How This 26-Year-Old Lady Turned N290k She Won in Competition to Billions of Naira Fishery Business

How This 26-Year-Old Lady Turned N290k She Won in Competition to Billions of Naira Fishery Business

  • A 26-year-old lady from remote fishing village discovered she could make billions of naira through fishery business
  • Utari Octavianty began to mull over an idea when she first craved seafood while she was studying in a university
  • She shared her ideas with her classmates which helped her launch her business and went on to raise over N200 billion naira in funding

Utari Octavianty always felt like the underdog due to her background.

Her hometown, a remote fishing village is in Kampung Bahru in Indonesia, does not have access to education.

The town was even used in a derogatory proverb which makes them believe they won’t amount to anything.

Octavianty, Fishery business, Indonesia
Co-founder of Aruna, Utari Octavianty with her classmates Credit: Octavianty
Source: UGC

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The birth of an idea

That was the reason Octavianty thought herself lucky when her parents decided to enrol her in junior high school in the city. She quickly realised there was a gap between her and her schoolmates.

Octavianty said she was always bullied because she came from a fishing village. She told CNBC she was not the same as people who already had a good education and without any economic disadvantages.

That experience ignited a passion in her which inspired a personal mission, which is to make sure that one day, her village will famous for its potential and not for its poverty.

She stated that at the time she didn’t know how she was going to make her dream come through.

The now 28-year-old lady is the co-founder of Aruna, an Indonesian fisheries e-commerce start-up which works as an end-to-end supply chain aggregator, giving fishermen access to a network globally.

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The company has raised about N26,9 billion in Series A funding which, according to her is the largest funding for any Indonesian start-up.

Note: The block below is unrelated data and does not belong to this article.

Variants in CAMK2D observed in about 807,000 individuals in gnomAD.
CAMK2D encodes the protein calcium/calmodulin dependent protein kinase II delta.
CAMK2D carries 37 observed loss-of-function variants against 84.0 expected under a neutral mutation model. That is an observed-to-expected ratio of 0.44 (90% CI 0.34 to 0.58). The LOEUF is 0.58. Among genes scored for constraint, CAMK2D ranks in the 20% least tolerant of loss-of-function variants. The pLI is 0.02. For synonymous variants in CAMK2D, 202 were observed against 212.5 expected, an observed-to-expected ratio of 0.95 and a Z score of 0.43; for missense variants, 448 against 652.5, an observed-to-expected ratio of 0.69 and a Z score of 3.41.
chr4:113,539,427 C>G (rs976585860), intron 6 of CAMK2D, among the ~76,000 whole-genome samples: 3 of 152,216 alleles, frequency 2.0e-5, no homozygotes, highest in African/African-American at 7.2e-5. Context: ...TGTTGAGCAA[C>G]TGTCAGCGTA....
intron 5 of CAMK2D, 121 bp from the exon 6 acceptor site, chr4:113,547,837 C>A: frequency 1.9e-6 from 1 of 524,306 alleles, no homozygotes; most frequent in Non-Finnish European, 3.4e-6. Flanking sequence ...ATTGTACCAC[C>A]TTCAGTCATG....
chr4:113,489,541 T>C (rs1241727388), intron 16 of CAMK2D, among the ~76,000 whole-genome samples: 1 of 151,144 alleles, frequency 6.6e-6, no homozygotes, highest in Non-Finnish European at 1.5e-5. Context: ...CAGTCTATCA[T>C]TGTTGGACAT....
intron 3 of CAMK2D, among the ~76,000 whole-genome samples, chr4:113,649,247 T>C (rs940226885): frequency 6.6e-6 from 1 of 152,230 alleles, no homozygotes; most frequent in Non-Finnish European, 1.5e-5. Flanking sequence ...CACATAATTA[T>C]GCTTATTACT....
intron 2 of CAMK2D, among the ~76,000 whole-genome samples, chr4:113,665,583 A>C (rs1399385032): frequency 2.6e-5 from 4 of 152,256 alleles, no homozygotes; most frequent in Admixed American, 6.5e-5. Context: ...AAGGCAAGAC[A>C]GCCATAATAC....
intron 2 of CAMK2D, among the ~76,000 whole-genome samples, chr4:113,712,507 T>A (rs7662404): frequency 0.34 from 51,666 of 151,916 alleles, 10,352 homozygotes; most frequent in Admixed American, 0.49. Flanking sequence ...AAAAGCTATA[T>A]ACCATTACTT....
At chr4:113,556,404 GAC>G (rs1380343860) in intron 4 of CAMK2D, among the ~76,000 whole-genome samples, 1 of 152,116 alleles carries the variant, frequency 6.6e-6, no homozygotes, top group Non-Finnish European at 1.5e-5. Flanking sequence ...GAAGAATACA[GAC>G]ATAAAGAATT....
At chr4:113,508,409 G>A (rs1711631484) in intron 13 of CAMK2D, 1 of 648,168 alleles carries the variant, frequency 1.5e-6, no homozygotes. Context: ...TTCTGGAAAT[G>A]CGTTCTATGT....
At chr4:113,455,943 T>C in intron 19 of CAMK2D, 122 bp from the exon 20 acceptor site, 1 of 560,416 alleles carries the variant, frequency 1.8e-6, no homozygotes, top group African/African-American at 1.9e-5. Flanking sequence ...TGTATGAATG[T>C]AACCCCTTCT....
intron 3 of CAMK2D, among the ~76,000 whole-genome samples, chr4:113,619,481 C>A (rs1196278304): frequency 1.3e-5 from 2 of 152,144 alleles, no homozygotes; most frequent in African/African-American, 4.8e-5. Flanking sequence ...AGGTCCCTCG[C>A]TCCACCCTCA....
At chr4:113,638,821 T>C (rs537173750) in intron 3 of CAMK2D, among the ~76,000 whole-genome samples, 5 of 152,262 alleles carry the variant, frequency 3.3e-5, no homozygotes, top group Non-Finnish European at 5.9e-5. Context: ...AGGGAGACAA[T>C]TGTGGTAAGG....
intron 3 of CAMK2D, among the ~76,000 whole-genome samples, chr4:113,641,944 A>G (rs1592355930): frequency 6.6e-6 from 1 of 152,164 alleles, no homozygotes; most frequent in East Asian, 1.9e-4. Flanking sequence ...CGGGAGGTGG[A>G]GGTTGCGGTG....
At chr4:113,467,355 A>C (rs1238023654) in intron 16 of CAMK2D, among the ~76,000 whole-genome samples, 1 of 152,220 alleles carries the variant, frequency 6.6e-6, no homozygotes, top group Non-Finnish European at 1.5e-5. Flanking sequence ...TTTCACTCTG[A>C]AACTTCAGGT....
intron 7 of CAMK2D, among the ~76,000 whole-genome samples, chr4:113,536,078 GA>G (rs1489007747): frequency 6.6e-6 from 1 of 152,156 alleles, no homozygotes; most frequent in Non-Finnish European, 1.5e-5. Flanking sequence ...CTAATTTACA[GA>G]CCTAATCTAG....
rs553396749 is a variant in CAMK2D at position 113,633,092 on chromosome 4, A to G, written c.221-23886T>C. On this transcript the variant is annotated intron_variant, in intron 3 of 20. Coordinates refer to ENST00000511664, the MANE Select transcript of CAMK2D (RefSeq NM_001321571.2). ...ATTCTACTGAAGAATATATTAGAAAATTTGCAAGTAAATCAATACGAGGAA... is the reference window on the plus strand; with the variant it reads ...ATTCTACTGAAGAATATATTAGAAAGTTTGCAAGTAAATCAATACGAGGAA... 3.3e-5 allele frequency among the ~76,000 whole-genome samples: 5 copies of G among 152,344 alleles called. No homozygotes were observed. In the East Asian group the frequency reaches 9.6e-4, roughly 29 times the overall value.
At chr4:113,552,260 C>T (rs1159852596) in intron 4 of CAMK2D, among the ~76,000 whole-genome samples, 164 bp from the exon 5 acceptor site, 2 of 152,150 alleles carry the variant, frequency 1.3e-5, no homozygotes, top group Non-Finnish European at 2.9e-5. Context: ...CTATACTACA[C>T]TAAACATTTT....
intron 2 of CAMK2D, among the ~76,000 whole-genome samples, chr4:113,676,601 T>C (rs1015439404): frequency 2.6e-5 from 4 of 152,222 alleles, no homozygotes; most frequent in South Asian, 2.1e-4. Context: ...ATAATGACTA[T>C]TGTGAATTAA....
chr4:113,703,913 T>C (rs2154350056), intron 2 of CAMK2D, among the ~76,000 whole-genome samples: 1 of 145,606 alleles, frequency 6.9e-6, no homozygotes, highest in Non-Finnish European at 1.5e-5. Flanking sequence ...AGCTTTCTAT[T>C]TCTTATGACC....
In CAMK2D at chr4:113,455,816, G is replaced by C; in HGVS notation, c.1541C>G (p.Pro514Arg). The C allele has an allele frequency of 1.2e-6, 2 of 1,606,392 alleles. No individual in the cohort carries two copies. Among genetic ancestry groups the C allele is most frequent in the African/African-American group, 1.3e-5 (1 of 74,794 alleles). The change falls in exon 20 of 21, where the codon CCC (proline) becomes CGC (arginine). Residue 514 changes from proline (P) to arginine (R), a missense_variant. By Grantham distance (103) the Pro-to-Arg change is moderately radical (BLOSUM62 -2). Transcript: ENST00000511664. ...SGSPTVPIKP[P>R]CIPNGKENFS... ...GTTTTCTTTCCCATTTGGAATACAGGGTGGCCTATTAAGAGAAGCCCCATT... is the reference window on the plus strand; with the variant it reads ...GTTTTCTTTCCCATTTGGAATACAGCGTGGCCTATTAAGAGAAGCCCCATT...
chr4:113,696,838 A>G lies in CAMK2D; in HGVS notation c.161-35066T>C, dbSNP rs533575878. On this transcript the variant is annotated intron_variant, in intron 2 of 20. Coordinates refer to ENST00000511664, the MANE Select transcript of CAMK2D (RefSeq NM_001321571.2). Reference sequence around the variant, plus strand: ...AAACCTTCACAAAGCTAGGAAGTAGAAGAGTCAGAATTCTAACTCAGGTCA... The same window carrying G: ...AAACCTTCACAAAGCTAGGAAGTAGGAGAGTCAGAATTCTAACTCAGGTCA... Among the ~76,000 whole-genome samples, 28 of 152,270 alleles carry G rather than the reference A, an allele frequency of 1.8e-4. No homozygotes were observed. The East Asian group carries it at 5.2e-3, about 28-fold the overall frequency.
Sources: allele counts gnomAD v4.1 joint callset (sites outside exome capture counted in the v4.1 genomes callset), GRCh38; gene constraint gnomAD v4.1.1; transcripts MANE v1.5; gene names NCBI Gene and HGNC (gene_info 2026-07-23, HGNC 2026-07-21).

It all began in 2015 when Octavianty craved seafood when she was a final year technology student in the city of Bandung.

Humble beginnings

She said it was not easy to find good seafood. Her family serves seafood at home every day, but all of a sudden, it was difficult to come by. She thought to herself that it would be great to find seafood directly from fishermen.

She shared her idea with her classmates, Farida Naufal Aslam and Indraja Fadhillah. They created a website together which aims at meeting the seafood demands of consumers and connecting them to local fishermen.

Then at the age of 21, Octavianty decided to join a competition called Hackathon Merdeka to get seed capital.

Surprisingly, they won.

The bigger shock was the amount of interest her start-up generated after it launched her website.

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She said they got 1000 tons worth of seafood demand from clients, ranging from restaurants and importing companies outside Indonesia which need a consistent supply of seafood.

They immediately went to work with the two MacBook computers they won in the hackathon to continue building the website and using freelance jobs in web design.

Raising the first capital

Their most important pool of capital came from another competition where they notched up a cash prize of about N290,000.

Though it was a “very small” amount, Octavianty and her co-founders used it to run a pilot program in the seaport city of Balikpapan, East Kalimantan. They stayed with a fishing community for a month.

At the end of their stay, they made their first transaction with a local restaurant in Bandung. That was the moment they realized their idea was not something that only worked on paper.

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Recall that has reported that Olivia Hillier started her side business with just $5, the equivalent of N2,000 with a T-shirt she saw in a thrift store.

The medical student at Rochester, a Michigan-based Oakland University had some experience selling a few of her old clothing items on the resale app, Poshmark. She hardly thought much of it.

But as the COVID-19 pandemic raged in 2020, Hillier noticed that other Poshmark sellers were making a profit from flipping trendy thrift store shopping.


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